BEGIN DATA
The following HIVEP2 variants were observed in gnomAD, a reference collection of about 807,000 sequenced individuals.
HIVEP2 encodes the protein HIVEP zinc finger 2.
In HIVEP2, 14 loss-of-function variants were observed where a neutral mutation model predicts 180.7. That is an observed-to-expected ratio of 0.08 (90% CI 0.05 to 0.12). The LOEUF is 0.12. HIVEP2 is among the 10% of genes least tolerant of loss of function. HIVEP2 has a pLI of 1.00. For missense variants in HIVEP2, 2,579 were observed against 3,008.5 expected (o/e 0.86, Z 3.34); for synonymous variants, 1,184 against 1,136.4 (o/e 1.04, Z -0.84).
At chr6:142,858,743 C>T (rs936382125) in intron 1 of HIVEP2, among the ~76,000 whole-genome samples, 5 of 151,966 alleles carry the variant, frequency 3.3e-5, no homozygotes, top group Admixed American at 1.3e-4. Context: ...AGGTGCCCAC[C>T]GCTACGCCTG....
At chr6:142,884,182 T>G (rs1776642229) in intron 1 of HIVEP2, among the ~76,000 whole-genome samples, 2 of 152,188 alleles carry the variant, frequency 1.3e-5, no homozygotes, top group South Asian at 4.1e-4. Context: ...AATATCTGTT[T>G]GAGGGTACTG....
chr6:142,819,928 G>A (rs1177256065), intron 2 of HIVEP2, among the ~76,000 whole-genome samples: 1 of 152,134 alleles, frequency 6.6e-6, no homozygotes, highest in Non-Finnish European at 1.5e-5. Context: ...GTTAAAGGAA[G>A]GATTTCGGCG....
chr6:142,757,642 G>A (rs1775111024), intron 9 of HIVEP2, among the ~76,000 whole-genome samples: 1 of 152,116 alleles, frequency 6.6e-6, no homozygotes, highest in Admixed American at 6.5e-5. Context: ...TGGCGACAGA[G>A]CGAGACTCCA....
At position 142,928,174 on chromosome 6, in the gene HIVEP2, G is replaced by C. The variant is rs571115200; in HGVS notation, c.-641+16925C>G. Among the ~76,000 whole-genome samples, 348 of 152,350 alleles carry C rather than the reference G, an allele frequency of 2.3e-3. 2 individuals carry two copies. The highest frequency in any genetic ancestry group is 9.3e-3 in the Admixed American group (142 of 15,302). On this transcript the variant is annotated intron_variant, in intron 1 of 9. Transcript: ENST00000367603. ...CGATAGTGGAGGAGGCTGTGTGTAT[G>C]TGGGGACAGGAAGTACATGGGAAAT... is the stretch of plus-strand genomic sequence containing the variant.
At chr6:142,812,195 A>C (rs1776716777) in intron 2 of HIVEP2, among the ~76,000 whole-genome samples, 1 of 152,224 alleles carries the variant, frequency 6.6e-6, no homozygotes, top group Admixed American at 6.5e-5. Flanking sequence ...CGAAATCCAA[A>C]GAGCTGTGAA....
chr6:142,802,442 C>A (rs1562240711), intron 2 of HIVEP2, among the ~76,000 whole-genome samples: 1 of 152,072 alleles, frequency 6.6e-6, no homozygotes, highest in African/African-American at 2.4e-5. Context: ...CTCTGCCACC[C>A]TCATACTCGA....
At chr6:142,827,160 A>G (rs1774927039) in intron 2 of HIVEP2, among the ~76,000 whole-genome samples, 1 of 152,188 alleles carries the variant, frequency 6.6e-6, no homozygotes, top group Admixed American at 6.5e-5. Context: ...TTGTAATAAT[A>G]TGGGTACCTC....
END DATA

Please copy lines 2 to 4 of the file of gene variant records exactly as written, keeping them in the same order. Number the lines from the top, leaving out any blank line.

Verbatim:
HIVEP2 encodes the protein HIVEP zinc finger 2.
In HIVEP2, 14 loss-of-function variants were observed where a neutral mutation model predicts 180.7. That is an observed-to-expected ratio of 0.08 (90% CI 0.05 to 0.12). The LOEUF is 0.12. HIVEP2 is among the 10% of genes least tolerant of loss of function. HIVEP2 has a pLI of 1.00. For missense variants in HIVEP2, 2,579 were observed against 3,008.5 expected (o/e 0.86, Z 3.34); for synonymous variants, 1,184 against 1,136.4 (o/e 1.04, Z -0.84).
At chr6:142,858,743 C>T (rs936382125) in intron 1 of HIVEP2, among the ~76,000 whole-genome samples, 5 of 151,966 alleles carry the variant, frequency 3.3e-5, no homozygotes, top group Admixed American at 1.3e-4. Context: ...AGGTGCCCAC[C>T]GCTACGCCTG....